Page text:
Rainbow Six: Siege is Much More Than a Shooting Game
Some shooting games are really just elaborate set-ups for essentially simple missions that come down to aiming at and shooting a target. The better you get at controlling the guns and the their aiming mechanisms, the better you score in the games. And there is certainly a great deal of fun in that. Shooting games have been around since the very beginning of video games, and the appeal is obvious. But some games, most notably Rainbow Six: Siege, take the shooting concept to the next level. Instead of simply aim and shoot, Rainbow Six is a game of strategy and teamwork that incorporates a great deal of shooting, along with a wealth of other skills.
Rainbow Six is puts you on a team of highly trained commandos who are given tasks such as rescuing a hostage or diffusing a live bomb. The setup is of a five person team that competes with other five person teams. There are about 20 player-personas to choose from, each with a different type of skill set, gear, and attitude. It takes some time to work out which specialties you like best, and your best bet is to try out a wide range before settling on a favorite. And even then, a variety of styles can make the missions more interesting every time you play.
“TheRainbow Sixgames have always been the thinking man's counterpart to that revered multiplayer shooter, and Siegeis no exception,” writes Ben Silverman in Yahoo Games, perfectly capturing the game’s genre and how it goes beyond it.
Teamwork at the Heart of the Game
Like many multiplayer games, it’s possible to enjoy Rainbow Six: Siege as a single player. But the game truly comes alive when you add levels of teamwork to the missions. The ability to radio through to other players to alert them of danger you’re seeing through your perspective, the need to rely on other players for your own safety, and the opportunity to take on tasks that would be impossible for any individual member of the team to do on his or her own go a long way towards making the missions more credible and lifelike.
And once the team is in place and each member understands the mission, the quality of Rainbow Six really starts to shine through. There is no shortage of opportunities to alter the environment – like knocking own a wall or bringing down a whole building – to suit the needs of the mission. There is ample equipment, and whatever the team needs to do, there is almost certainly a character that is trained for that sort of work. Plus, the action moves quickly because there is danger at every step, with attackers jumping out of unexpected places and booby-traps ready to spring if you’re not thorough with your commando maneuvers.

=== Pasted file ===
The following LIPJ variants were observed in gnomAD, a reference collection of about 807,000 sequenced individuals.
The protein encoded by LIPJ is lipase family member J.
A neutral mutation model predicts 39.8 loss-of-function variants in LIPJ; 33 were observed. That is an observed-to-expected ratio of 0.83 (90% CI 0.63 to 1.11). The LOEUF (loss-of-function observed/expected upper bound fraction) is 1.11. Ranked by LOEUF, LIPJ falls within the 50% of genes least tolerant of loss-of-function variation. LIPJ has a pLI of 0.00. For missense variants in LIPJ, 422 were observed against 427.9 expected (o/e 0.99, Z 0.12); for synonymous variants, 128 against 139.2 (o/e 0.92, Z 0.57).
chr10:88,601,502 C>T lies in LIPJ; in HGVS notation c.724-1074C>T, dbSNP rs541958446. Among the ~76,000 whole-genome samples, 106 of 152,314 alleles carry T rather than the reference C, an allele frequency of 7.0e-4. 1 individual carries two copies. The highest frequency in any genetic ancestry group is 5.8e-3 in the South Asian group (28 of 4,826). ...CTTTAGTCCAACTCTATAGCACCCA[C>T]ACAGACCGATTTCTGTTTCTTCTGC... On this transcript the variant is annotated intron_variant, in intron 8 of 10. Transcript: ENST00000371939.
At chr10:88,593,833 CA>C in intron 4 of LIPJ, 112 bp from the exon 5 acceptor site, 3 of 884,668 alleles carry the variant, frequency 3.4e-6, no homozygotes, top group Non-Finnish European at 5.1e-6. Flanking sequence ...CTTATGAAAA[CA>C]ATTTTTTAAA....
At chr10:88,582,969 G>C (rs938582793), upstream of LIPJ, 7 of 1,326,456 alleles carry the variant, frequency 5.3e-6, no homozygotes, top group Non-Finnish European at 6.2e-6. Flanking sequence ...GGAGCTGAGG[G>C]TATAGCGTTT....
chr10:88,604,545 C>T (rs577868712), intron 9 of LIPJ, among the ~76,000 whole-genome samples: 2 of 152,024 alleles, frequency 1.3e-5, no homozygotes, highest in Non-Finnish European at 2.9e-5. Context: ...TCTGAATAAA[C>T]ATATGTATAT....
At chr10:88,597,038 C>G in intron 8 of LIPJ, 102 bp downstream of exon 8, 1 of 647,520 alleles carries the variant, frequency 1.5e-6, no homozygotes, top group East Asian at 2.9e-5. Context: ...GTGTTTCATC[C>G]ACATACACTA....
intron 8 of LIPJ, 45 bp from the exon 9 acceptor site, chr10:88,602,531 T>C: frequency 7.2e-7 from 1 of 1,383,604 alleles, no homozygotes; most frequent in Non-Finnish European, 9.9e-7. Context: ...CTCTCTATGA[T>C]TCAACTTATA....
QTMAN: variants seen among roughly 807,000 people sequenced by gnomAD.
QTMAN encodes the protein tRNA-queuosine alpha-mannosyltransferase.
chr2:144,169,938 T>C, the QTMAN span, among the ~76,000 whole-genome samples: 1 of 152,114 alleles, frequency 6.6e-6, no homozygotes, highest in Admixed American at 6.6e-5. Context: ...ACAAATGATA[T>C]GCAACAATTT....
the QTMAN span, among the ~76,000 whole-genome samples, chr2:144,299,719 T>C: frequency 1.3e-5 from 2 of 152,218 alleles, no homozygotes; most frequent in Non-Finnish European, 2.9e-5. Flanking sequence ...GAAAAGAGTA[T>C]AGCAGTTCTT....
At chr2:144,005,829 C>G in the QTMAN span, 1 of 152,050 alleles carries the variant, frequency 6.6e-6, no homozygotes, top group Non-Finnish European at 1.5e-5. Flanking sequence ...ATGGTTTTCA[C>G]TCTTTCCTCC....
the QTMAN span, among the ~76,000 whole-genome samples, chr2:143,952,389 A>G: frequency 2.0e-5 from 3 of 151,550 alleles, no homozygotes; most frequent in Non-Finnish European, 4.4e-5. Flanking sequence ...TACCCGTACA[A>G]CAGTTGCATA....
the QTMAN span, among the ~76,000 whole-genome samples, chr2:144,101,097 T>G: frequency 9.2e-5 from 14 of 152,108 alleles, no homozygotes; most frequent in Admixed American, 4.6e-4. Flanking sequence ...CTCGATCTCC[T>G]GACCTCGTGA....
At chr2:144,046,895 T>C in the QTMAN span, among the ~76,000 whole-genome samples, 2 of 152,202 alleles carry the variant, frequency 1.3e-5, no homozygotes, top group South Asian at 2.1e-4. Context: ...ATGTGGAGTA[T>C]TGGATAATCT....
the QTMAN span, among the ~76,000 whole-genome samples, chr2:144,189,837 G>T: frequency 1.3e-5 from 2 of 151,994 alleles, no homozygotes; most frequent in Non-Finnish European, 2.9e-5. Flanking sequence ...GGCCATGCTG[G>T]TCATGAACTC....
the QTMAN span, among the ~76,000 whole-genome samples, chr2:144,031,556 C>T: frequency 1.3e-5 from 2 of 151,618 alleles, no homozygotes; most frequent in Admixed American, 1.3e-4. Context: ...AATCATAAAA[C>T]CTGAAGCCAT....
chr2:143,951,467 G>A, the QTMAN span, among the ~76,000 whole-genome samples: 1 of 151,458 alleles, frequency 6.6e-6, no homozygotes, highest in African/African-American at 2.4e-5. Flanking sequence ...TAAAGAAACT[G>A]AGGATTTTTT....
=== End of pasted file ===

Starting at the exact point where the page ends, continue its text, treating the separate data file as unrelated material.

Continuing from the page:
Not Enough Story for the Action
At first glance, Rainbow Six: Siege seems to lack one essential element that has become ubiquitous in large-scale video games of its type. It has little story to link up the action, especially in the 10 situations designed for single players offline. There is a thin master frame that appears in between the action sequences, though it does little to link the situations. But after some time, the story element emerges on its own through your own imagination as powerfully as it might through a narrative that is imposed on the action. The lack of story also makes it easier to imagine the action taking place in a real hostage situation or bomb threat. There is no need for a meta-narrative tying together the different scenes, as though in a movie.
And yet, the movie fantasy is just that sort of thrill that you get from the Rainbow Six series. It comes not from the story but from the depth of the action, the challenge of the situations, and the need for teamwork and quick decisions. If you’ve ever watched an action film and felt you could do a better job than the characters themselves, you’ll get a lot of satisfaction from Rainbow Six: Siege. And you can always try again if you don’t perform as well as you’d like. That’s the beauty of video games. They make it feel real, but it’s still all happening in the world of fantasy.